Charleston poetry, like Charleston fiction, is built on local color; it has no Southern quality so far as I can see. But these notes will have to be devoted to fiction for the most part, with perhaps a general note on poetry in conclusion.


The capital of the late Confederacy was Richmond, and there today sits Mr. James Branch Cabell, addicted to the manners of a formal society though extremely disaffected as to its force and present availability. We have grown used to thinking that Mr. Cabell will always be himself, will always—in an impolite parlance which he would not employ—be his age. His Southern quality is in his firm sentences, which have a pattern both syntactical and rhythmical; in his politeness, which does not in the least blunt his satirical barbs. In short, it is in his style. A style, for my purpose, is the most determining feature of a literary work, for what is a style? Something very integral and central, if intangible. The style is the man, and it is in the style at last that the antique Southerner is manifested.

His works fall into two strangely assorting groups: earlier novels about the mannered gentry of Virginia, and later ones about fabulous yet very human figures in Poictesme. The effects achieved in the earlier novels were not too happy. The characters were so dominated by their code, and so sententious about it, that they lacked vitality, they acted wooden, and their histories tended to turn out as farcical comedies. It was as if because he could not express himself through such a society that Mr. Cabell turned to fairyland. His characters there are uninhibited as to conduct, but their speech is highly literate and their manners charming, and their author furnishes a witty commentary. It is not as if Mr. Cabell in turning to fantasy were renouncing his society, but as if he were renouncing the world itself; it is the constitution of the world, not the polite form of society, which fails to provide the advertised joy of life. The romancing in which Mr. Cabell indulges in his imaginary world is riotous but soon spent (this is its concession to his realism), and melancholy, sensing its own mortality. The stories are not heroic and sustained, they are shifty and episodic; structurally repetitious and flimsy, so that I for one can scarcely distinguish one from another. But on any page I can distinguish Mr. Cabell, a writer of character, and that character Southern.

There is also Miss Glasgow. Like most writers whose careers I have followed, she has had one which has been a progress. As the author of “Barren Ground,” for example, she had no more of a Southern attitude than did Walter Hines Page. Quite accurately, she saw the Southern soil as something that needed to have work done upon it and the Southern population as a working personnel whose efficiency offered some room for improvement. At that stage she wrote the novel of purpose, and did a businesslike job of it. Then—if my terms do not sound disrespectful—she grew into the mannered and formal habit of mind which was exemplified by Mr. Cabell, by a percentage of Virginians, and by a somewhat smaller percentage of Southerners at large. It changed the basis of her art. She found a new subject-matter, she developed a style. She also developed an irony; the gift, unless it be the curse, of that modern temper which penetrates into the irrational constitution of the world and is not upset by it, does not fly into fevers, attitudes, or tirades. “They Stooped to Folly,” among other books of hers, is Southern modernism in every way; in the ease and firmness of its style, in the subject-matter, and in the irony of the conclusions.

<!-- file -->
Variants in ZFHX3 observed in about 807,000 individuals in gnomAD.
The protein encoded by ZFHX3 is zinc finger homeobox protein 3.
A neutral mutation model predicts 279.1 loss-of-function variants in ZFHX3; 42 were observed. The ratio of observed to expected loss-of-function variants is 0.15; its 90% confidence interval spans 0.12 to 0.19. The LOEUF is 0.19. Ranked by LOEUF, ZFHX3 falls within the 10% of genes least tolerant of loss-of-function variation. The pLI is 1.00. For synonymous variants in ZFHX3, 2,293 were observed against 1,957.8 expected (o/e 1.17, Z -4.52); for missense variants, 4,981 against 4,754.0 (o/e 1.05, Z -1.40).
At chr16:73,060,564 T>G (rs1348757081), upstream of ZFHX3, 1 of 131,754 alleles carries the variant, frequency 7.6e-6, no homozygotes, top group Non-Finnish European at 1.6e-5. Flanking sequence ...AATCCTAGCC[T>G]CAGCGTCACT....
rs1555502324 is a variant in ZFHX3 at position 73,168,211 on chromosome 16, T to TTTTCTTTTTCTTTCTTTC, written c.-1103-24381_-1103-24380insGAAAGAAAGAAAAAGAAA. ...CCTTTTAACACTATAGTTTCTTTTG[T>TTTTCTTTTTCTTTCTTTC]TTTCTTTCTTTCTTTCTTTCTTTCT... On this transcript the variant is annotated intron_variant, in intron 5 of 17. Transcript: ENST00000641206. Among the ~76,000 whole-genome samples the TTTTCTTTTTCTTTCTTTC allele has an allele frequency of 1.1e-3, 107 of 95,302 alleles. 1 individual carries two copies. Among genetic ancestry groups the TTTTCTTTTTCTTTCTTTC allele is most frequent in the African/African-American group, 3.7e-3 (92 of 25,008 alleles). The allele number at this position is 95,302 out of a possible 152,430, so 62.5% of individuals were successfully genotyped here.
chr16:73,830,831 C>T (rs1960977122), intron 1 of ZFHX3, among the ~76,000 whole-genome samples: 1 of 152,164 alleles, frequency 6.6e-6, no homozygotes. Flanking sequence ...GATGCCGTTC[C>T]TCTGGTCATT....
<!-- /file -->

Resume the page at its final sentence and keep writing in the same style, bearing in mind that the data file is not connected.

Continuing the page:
Miss Frances Newman was of Georgia, and therefore of this modern Richmond only in spirit. The public has a lively impression of the modernism of a writer who gave to her book the title, “The Hard-Boiled Virgin.” It is not necessarily observed that she belonged completely to that same old-fashioned order of writers, who might well be called the Schoolmen of Southern fiction; to the formalists. She too had a style. It dominated her book to such an extent that it turned its dialogue into Oratio Obliqua, and made the book as we read it feel like the most finished and the most economical narrative ever written. Thus:

Katharine Faraday sat on the little hotel’s porch long enough to hear Robert Carter respectfully spoken of as a Virginian gentleman who differed from other Virginian gentlemen in cultivating a taste for learning which twenty thousand dollars a year and his name made unnecessary, and she was pleased when the third volume of Lord Macaulay’s history drew him to her yellow hammock. She did not suppose that he could be her destined husband, since he was an American, and since he already had a wife who wore limp white gowns. But she thought that conversation with him would be good practice for the conversations she might some day have with the brilliant young peers for whom she would pour out tea with milk and three lumps of sugar, and which might equal anything in the novels of Benjamin Disraeli.